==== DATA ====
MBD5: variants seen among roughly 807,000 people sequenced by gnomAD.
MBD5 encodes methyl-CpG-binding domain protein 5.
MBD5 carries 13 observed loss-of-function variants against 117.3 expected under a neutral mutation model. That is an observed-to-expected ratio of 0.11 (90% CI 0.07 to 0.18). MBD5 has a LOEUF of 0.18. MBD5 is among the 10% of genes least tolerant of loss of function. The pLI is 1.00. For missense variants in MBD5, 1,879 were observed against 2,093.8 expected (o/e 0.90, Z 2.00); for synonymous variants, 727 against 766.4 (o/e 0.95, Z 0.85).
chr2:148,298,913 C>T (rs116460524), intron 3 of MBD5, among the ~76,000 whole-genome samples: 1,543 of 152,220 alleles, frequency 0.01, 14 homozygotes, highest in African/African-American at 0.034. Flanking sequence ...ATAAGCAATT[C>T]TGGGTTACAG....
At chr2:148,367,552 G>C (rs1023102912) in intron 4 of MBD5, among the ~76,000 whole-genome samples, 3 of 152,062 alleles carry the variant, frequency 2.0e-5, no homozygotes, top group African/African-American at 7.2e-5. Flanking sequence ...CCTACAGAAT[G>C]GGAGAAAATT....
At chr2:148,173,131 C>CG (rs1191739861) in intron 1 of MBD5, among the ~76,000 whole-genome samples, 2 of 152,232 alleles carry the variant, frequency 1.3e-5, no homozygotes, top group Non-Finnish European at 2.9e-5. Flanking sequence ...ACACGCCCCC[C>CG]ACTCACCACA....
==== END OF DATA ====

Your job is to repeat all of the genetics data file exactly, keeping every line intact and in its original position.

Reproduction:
MBD5: variants seen among roughly 807,000 people sequenced by gnomAD.
MBD5 encodes methyl-CpG-binding domain protein 5.
MBD5 carries 13 observed loss-of-function variants against 117.3 expected under a neutral mutation model. That is an observed-to-expected ratio of 0.11 (90% CI 0.07 to 0.18). MBD5 has a LOEUF of 0.18. MBD5 is among the 10% of genes least tolerant of loss of function. The pLI is 1.00. For missense variants in MBD5, 1,879 were observed against 2,093.8 expected (o/e 0.90, Z 2.00); for synonymous variants, 727 against 766.4 (o/e 0.95, Z 0.85).
chr2:148,298,913 C>T (rs116460524), intron 3 of MBD5, among the ~76,000 whole-genome samples: 1,543 of 152,220 alleles, frequency 0.01, 14 homozygotes, highest in African/African-American at 0.034. Flanking sequence ...ATAAGCAATT[C>T]TGGGTTACAG....
At chr2:148,367,552 G>C (rs1023102912) in intron 4 of MBD5, among the ~76,000 whole-genome samples, 3 of 152,062 alleles carry the variant, frequency 2.0e-5, no homozygotes, top group African/African-American at 7.2e-5. Flanking sequence ...CCTACAGAAT[G>C]GGAGAAAATT....
At chr2:148,173,131 C>CG (rs1191739861) in intron 1 of MBD5, among the ~76,000 whole-genome samples, 2 of 152,232 alleles carry the variant, frequency 1.3e-5, no homozygotes, top group Non-Finnish European at 2.9e-5. Flanking sequence ...ACACGCCCCC[C>CG]ACTCACCACA....